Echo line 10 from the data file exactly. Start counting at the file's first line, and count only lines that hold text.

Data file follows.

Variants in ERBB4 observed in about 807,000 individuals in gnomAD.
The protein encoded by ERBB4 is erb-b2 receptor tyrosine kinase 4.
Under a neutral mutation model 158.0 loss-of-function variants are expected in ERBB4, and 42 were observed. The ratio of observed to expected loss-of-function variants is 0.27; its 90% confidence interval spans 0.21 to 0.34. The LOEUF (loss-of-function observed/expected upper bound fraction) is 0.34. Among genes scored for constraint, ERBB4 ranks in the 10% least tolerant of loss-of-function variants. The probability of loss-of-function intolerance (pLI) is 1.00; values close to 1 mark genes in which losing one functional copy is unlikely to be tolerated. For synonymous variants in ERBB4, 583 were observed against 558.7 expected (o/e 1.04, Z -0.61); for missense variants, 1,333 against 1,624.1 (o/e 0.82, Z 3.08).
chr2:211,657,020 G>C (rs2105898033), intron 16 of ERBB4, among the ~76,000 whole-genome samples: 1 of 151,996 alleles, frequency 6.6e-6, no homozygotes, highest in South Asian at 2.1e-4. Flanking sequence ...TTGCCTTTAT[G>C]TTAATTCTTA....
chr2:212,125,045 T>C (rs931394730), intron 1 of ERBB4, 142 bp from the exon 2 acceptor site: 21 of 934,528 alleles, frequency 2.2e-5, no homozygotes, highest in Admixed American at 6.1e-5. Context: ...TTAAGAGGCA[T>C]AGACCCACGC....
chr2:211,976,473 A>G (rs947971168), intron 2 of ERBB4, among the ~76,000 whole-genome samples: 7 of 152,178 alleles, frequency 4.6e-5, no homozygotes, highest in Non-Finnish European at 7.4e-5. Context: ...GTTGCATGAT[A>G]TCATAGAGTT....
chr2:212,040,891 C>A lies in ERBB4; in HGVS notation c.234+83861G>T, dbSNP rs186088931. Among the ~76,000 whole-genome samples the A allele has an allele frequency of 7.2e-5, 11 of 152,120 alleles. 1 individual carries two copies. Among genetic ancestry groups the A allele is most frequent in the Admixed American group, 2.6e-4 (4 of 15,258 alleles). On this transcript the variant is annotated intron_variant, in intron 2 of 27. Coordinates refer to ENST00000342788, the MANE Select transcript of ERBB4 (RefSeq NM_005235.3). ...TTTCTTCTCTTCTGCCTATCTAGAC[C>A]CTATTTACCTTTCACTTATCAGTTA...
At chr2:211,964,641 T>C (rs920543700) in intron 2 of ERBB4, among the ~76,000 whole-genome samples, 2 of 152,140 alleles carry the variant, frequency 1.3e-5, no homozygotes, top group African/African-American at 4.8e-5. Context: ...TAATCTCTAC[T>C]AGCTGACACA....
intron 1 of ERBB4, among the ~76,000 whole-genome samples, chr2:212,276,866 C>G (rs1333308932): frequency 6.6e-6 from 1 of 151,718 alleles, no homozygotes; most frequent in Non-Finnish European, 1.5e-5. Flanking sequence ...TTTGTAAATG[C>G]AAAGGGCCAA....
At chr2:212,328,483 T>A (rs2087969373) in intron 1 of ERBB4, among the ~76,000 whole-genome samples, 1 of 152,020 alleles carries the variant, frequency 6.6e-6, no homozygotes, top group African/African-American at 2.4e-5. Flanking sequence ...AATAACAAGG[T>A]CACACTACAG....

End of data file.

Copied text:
At chr2:212,328,483 T>A (rs2087969373) in intron 1 of ERBB4, among the ~76,000 whole-genome samples, 1 of 152,020 alleles carries the variant, frequency 6.6e-6, no homozygotes, top group African/African-American at 2.4e-5. Flanking sequence ...AATAACAAGG[T>A]CACACTACAG....